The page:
Keeping up with the Canada Jay

Today’s blog post comes from bird researchers Alex Sutton and Koley Freeman, PhD candidates at the University of Guelph.

In the world of Gray Jays, winter means one thing: it’s breeding season!

Gray Jays, also known as Canada Jays, are common in Algonquin Provincial Park. Continuing a 54-year-old tradition, a dedicated team of researchers is monitoring breeding pairs. This is the longest study of its kind in the world!

With each passing year, more is learned about the breeding behaviour and life history of these remarkable birds.

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The IBAs of Polar Bear Provincial Park

This installment of our 2017 blog series IBAs in provincial parks — brought to you by Ontario IBA Coordinator Amanda Bichel of Bird Studies Canada — is very “cool.” 

Welcome to our year-long blog series! For our inaugural spotlight, we are staying in the winter spirit and focusing on Ontario’s far north. That’s right: our worlds collide up there in a big way.

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Happy World Wetlands Day!

Bog. Swamp. Fen. Marsh. Muck, mud and mire…

It sounds terrible, doesn’t it? When movie directors want to make things hard for their characters, they sometimes pick a wetland to chuck them into – think Humphrey Bogart in the classic movie “African Queen”, where he struggles day after day to pull his boat through an impenetrable swamp.

Wetlands get a bad rap, but they are hugely important to all of us. Without them, things would be a lot more difficult on old Planet Earth.  Like big sponges, they store water from snows and rains, and then let it out when things get dry. They provide rich habitats for plants and animals to live in, and they create “biodiversity”: the variety of life.

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Winter track surveys

In today’s post, Ecologist Corina Brdar shares the “best part of [her] job.”

I’m an ecologist for Ontario Parks. When people ask me what exactly it is that I do, I have a hard time answering – my job is so diverse and interesting.

So I like to give the example of my favourite job duty: doing winter track surveys for deer.

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What’s in a weir?

Neys Provincial Park recently removed an obsolete weir as part of its work to restore and maintain ecological integrity. Superintendent Allison Dennis has the story…

The term “weir” piqued my curiosity following my first review of the Neys Provincial Park Management Plan.

Turns out that a weir is a barrier constructed across the width of a river or stream which raises the water level on the upstream side to a specified height. Unlike a dam, which redirects excess water using spillways, a weir allows excess water to flow over the top of the structure and continue downstream.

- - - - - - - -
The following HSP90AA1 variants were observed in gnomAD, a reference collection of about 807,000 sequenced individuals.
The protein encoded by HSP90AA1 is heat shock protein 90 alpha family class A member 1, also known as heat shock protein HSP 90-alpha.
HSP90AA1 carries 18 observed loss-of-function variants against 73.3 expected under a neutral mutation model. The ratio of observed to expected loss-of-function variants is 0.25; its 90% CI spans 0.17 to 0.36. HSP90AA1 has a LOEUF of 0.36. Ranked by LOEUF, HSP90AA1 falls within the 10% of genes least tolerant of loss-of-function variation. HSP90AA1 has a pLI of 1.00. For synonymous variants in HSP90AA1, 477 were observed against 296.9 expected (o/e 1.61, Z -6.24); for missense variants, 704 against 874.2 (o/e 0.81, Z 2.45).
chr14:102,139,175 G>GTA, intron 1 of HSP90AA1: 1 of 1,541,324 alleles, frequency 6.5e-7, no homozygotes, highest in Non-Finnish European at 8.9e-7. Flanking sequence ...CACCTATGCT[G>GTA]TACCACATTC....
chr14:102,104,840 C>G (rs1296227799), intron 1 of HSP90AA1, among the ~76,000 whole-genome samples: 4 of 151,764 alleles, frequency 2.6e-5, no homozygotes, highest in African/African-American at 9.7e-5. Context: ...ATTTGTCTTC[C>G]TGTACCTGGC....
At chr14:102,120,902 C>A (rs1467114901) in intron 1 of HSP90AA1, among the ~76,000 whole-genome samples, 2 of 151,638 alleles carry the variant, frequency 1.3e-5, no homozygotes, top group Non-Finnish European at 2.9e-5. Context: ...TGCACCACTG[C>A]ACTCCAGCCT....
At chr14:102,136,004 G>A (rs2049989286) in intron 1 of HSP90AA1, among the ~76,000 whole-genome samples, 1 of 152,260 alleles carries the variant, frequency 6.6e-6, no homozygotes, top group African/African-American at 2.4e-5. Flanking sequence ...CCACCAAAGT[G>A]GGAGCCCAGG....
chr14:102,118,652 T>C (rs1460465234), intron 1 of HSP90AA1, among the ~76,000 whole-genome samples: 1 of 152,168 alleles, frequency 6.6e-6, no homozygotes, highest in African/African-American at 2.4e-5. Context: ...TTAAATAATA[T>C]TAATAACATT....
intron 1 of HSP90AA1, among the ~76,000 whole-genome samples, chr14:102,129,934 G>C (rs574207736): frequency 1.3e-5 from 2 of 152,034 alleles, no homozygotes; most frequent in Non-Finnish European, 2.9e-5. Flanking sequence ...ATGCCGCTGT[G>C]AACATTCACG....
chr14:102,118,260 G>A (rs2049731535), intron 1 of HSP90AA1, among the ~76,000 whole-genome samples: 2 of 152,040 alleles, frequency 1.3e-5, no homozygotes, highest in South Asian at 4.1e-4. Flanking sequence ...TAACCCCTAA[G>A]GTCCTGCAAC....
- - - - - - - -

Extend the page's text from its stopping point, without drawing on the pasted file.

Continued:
So what does this have to do with a provincial park?

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A nature-lover’s New Year’s resolutions

Today’s post comes from Alistair MacKenzie, Natural Heritage Education Supervisor at Pinery Provincial Park.

Alistair at PineryAs we begin a brand new year, many of us make personal resolutions to try to better ourselves, or to help our families and communities.

I’ll be making several personal resolutions (darn sour-cream-glazed dougnuts!), but in addition, I am choosing 2018 as the year to make some resolutions for parks and protected areas. 

As I work and play in Ontario Parks’ many incredible landscapes, most of my efforts will take effect there, but I am not planning on limiting my efforts…I’ll include any green spaces I can find!

I’m just one person, so I would encourage you to help.  You may want to create a different list for yourself, but our parks can certainly use the help, so please consider giving back to our protected areas.

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Birds and biodiversity

Welcome to the final installment of  our 2017 series “IBAs in provincial parks,” brought to you by Ontario IBA Coordinator Amanda Bichel of Bird Studies Canada.

It’s been a terrific year sharing bird facts and stories about IBAs and provincial parks, but it’s time to step back and take a look at the bigger picture: biodiversity.

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The year of high water at Presqu’ile

Today’s post comes from Natural Heritage Education Leader David Bree at Presqu’ile Provincial Park

It was a wet year for provincial parks in 2017.

If you visited Lake Ontario this spring, you know water levels reached record highs. By early May, the lake was 10 cm higher than the highest it had ever been since records started in 1918. This is also a full metre higher than average.

The damage this caused has been well-documented. At Presqu’ile Provincial Park, we had flooded facilities, lost land to erosion, and had to close for four weeks in June to prevent more damage to our soggy landscape.

The flood was certainly an inconvenience to us, but what effect did it have on the nature and wildlife of the park?

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Fish stocking 101

If you like to fish and want to improve your chances of getting a good catch, your best bet is to head to one of Ontario’s 2,000 lakes and rivers that are stocked by Ontario Parks or the Ministry of Natural Resources and Forestry.

The ministry has been stocking popular spots since the early 1950s with fish that are well suited to the area. Today, we operate nine fish culture stations, or hatcheries, across the province, where 12 popular sport fish (including walleye, salmon, trout and muskie) are raised.

Every year, we release about 8 million fish into Ontario waters!

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